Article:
|Publication number||US7463199 B2|
|Application number||US 11/488,107|
|Publication date||Dec 9, 2008|
|Filing date||Jul 17, 2006|
|Priority date||Nov 7, 2002|
|Also published as||CN1723587A, EP1563570A1, US7095372, US8203488, US9077073, US20060033664, US20060256018, US20090085810, US20120249380, US20150303575, WO2004042868A1|
|Publication number||11488107, 488107, US 7463199 B2, US 7463199B2, US-B2-7463199, US7463199 B2, US7463199B2|
|Inventors||Jordi Soler Castany, Jaume Anguera Pros, Carles Puenta Baliarda, Carmen Borja Borau|
|Original Assignee||Fractus, S.A.|
|Export Citation||BiBTeX, EndNote, RefMan|
|Patent Citations (93), Non-Patent Citations (35), Referenced by (23), Classifications (64), Legal Events (3)|
|External Links: USPTO, USPTO Assignment, Espacenet|
The present invention relates generally to novel integrated circuit packages that include a new family of miniature antennas in the package. The present invention allows the integration of a full wireless system into a single component.
There is a trend in the semiconductor industry towards the so-called System on Chip (SoC) and System on Package (SoP) concepts. This means integrating as many components of an electronic system as possible (processors, memories, logic gates, biasing circuitry, etc.) into a single semiconductor chip (or “die”) (SoC) or at least into a single integrated circuit package (SoP). The full integration of systems or subsystems into a single chip or package provides many advantages in terms of cost, size, weight, consumption, performance and product design complexity. Several electronics components for consumer applications, such as handsets, wireless devices, personal digital assistants (PDA) or personal computers are becoming more and more integrated in to SoP/SoC products.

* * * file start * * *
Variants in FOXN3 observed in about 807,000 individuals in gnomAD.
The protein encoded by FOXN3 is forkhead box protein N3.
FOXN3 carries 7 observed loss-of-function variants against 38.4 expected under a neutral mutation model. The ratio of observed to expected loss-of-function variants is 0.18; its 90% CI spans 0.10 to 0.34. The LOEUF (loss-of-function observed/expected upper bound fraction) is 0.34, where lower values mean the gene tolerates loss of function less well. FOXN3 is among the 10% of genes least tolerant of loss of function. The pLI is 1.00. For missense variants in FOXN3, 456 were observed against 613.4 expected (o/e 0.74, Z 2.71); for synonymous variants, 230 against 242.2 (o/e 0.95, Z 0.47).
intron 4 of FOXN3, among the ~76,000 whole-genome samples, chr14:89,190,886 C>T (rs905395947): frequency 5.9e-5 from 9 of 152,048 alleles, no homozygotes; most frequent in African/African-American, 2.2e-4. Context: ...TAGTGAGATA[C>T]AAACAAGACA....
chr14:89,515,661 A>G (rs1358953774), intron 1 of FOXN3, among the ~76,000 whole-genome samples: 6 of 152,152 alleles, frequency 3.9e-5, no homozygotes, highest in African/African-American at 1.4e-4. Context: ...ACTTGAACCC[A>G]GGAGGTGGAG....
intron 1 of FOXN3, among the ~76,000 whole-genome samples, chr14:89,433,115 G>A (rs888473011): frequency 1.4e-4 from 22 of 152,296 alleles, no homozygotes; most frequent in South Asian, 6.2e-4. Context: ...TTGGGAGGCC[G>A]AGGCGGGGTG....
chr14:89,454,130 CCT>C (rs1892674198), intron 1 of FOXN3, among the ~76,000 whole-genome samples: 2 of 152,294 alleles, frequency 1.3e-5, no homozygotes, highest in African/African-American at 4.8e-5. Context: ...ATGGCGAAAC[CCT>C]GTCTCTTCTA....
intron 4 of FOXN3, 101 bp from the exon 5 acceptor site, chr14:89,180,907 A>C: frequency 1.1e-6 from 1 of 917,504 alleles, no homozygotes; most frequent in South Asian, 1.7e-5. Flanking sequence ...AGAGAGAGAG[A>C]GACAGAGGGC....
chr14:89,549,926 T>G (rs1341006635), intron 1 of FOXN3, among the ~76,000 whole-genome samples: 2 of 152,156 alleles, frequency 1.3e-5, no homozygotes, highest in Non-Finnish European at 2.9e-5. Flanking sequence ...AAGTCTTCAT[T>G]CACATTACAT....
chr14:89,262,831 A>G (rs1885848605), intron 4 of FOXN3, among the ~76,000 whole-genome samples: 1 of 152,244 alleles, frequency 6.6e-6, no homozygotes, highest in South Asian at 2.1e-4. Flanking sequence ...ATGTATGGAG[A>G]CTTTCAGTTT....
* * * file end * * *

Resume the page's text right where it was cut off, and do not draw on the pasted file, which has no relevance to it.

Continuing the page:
The concept of integrating a full wireless system into a SoC/SoP device (FWSoC and FWSoP) is especially attractive owing to the tremendous growth and success of cellular and wireless systems. In particular, there is a new generation of short/medium range wireless applications such as Bluetooth™, Hyperlan, IEEE802.11 and ultra wide band (UWB) systems where the progressive system integration into a single, compact product is becoming a key success factor (see for instance S. Harris and H. Johnston, “Handset industry debate Bluetooth chip options”, WirlessEurope, May 2002). Recently, several vendors (for example www.infineon.com, www.st.com, www.epson.com, www.csr.com) are offering SoC or SoP products for applications that integrate everything into the chip or package, except for the antenna. The reason the antenna is excluded is that its integration into the SoC or SoP is a major engineering challenge in the product development, mainly due to the reduced size of the commercial SoP and SoC packages and the well-known constraints on the performance of miniature antennas.